VP Pence speaks in support of local police officers; efforts to fund ‘better policing’

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Community leaders in Youngstown were invited to join the vice president as he met with local police

YOUNGSTOWN, Ohio (WYTV) – Vice President Mike Pence’s second stop in the Valley for the reveal of Lordstown Motors’ Endurance all-electric pickup truck was to the Youngstown Police Department.

There, he met with local law enforcement — to speak in support of officers during their shift change — and also local leaders to share an important message.

“We stand with the men and women of law enforcement and we always will, I promise you that,” Pence said. “I want to ensure you that the American people know that most of you who put on the uniform of law enforcement every day are the best people in this country.”

He gave special praise to Youngstown’s police department.

“He stopped by, offered some words of encouragement and identified us as an agency that is kind of setting the standard,” said Youngstown Police Chief Robin Lees.

Pence met one-on-one with many people, each person bringing up different concerns, including areas of need with the on-going pandemic.

“How much is needed that local government would get federal help? The vice president said that a bill would be coming forth pretty soon,” said Youngstown Mayor Tito Brown.

The hope is sometime in July.

Pence also acknowledged the tragedy of the death of George Floyd, an unarmed Black man who died after a police officer in Minneapolis kneeled on his neck for nearly nine minutes during an arrest.

“There’s no excuse for what happened to George Floyd in Minneapolis,” he said. “Justice will be served in that case.”

The vice president also said there’s “no excuse” for the violence and looting that has followed in some cases.

“There are some in the public debate who think we’ve got to choose between supporting law enforcement and supporting our African American neighbors,” Pence said. “What you’re doing here in Youngstown shows you don’t have to make that choice.”

He added the administration is not going to defund the police, but rather, fund better policing.

“We’re also going to look for ways to provide more resources to departments just like this one here in Youngstown,” Pence said.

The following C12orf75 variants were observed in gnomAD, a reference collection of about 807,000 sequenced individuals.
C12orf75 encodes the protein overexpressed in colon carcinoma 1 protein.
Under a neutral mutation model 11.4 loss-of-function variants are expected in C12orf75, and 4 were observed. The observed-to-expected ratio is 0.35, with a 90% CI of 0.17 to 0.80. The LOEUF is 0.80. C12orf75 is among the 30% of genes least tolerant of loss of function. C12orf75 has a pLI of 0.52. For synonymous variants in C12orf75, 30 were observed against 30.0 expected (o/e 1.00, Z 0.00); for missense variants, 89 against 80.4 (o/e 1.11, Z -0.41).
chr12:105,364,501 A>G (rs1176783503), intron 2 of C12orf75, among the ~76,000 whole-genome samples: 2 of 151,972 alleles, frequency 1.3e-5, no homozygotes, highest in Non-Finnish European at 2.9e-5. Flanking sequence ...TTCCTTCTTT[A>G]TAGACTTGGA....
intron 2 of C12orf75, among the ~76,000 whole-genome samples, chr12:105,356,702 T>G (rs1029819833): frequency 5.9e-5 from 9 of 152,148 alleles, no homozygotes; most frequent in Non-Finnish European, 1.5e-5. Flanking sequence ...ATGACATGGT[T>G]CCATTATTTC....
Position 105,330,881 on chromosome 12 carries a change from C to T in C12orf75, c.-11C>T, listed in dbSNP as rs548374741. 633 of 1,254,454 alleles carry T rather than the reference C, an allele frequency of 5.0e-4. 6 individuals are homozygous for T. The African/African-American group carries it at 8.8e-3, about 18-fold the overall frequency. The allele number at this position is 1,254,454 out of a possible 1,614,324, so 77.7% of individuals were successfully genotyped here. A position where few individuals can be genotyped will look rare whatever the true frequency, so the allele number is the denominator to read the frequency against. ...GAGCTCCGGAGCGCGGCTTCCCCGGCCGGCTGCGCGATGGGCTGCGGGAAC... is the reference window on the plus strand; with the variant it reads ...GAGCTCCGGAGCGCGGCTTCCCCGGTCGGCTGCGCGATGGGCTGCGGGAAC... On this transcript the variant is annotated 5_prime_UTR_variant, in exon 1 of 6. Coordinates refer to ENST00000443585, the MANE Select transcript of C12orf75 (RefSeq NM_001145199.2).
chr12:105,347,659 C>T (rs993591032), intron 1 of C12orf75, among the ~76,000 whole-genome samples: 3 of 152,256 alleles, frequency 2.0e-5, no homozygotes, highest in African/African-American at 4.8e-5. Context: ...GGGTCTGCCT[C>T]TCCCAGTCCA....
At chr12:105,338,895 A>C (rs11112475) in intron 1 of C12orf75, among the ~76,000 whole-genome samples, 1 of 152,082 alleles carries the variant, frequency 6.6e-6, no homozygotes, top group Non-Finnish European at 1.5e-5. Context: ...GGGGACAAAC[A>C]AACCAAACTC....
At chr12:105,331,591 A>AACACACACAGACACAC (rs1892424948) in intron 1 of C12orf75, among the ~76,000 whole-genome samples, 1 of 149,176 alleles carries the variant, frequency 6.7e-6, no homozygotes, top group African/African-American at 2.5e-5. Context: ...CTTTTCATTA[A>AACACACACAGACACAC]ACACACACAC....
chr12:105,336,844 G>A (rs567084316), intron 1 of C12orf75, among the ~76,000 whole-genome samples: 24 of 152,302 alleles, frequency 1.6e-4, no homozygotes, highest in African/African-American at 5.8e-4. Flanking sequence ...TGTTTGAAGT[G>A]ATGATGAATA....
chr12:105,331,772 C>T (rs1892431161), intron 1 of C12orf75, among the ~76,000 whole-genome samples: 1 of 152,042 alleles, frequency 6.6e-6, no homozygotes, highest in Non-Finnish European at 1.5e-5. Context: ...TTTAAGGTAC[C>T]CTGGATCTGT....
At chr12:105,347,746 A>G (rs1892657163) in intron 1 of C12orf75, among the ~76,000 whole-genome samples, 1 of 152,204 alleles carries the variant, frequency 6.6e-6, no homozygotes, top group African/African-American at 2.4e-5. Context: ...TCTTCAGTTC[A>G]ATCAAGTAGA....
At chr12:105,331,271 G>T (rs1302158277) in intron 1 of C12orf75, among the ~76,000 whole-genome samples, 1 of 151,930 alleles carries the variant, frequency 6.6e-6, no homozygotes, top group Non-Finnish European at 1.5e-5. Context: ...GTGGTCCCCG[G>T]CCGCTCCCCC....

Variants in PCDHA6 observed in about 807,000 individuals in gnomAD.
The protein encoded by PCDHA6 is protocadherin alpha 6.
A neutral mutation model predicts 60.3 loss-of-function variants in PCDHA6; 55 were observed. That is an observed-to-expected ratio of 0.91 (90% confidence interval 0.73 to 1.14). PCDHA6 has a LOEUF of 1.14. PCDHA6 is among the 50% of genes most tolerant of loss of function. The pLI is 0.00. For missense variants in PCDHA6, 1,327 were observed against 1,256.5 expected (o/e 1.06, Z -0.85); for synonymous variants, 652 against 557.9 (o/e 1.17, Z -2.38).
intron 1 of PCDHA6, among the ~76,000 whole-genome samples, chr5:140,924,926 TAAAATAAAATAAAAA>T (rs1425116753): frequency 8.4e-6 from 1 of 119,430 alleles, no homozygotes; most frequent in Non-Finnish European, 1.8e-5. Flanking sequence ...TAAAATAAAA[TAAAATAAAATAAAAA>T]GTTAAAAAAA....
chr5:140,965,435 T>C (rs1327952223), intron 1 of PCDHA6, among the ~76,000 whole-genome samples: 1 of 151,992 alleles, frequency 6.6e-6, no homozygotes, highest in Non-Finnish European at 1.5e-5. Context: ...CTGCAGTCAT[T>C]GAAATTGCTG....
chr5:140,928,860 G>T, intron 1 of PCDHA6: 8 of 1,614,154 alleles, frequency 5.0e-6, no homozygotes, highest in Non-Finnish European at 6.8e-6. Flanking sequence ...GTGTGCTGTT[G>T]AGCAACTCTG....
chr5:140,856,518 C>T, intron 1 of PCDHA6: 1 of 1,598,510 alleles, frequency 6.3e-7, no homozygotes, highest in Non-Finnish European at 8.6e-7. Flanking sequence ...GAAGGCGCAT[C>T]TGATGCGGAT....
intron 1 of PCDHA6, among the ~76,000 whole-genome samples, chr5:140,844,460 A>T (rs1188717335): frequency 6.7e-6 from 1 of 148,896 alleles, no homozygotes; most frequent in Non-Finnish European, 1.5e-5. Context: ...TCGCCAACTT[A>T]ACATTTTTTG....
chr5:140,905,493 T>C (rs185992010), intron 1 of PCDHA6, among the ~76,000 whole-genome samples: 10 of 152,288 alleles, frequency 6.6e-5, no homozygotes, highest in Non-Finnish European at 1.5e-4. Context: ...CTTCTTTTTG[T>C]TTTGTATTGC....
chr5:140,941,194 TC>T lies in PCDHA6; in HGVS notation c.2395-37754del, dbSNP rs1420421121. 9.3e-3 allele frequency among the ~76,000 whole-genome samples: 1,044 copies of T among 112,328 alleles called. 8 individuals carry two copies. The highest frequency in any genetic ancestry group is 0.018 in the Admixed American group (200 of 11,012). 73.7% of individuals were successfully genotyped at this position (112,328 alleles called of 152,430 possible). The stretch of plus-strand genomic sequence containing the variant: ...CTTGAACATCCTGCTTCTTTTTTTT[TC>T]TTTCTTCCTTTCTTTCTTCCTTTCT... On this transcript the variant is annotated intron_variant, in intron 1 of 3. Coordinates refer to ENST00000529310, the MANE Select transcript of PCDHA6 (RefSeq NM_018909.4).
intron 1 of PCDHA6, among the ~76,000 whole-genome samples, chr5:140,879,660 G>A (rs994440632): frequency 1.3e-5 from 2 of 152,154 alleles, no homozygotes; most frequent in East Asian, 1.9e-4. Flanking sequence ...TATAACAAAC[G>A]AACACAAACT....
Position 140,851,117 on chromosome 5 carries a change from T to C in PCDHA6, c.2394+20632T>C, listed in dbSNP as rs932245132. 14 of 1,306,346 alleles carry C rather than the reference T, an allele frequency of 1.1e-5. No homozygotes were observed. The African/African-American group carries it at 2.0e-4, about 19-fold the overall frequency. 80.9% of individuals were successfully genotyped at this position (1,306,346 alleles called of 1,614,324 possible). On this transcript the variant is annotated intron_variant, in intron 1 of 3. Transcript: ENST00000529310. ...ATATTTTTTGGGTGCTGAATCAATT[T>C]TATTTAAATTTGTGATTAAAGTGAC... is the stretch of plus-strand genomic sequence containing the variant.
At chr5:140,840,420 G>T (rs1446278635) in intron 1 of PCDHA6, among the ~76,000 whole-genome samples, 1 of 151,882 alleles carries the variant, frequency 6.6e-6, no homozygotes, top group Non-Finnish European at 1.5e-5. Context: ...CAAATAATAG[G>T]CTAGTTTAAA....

Many of the area’s community activists were also invited. One made a list of issues he would like the administration to address.

“When he heard about the list that I talked about, he said, ‘Get it to me.’ Through his administration, they provided opportunities for us to talk as a group and get that list to them so they can actually look at it and assist us with it,” said community activist Derrick McDowell.

Head football coach for Chaney High School Chris Amill said he was impressed with the vice president, adding that he listened and seemed sincere about inner-city concerns. Amill told Pence what happens to some young African Americans once they move out of Youngstown.

“Youngstown is good. Our police department, I think, is one of the greatest there is when it comes to this stuff in building relationships and community involvement. But like Desmond, sooner or later you are going to leave Youngstown, then what? Those are the things I want to know and those are the things he didn’t have concrete answers for,” Amill said.

Amill also told Pence that more improvements are needed for the inner cities to help people succeed.

Also in attendance during the meeting were Captain Kevin Mercer, service division commander of the Youngstown Police Department; Rodney Foley, patrol division commander; Lt. Ramon Cox, B patrol officer in charge; Sergeant Ed Kenney, road supervisor; Sergeant Nick Menichini, road supervisor and William “Guy” Burney, executive director of the Community Initiative to Reduce Violence.

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Mel Robbins Main Area Middle

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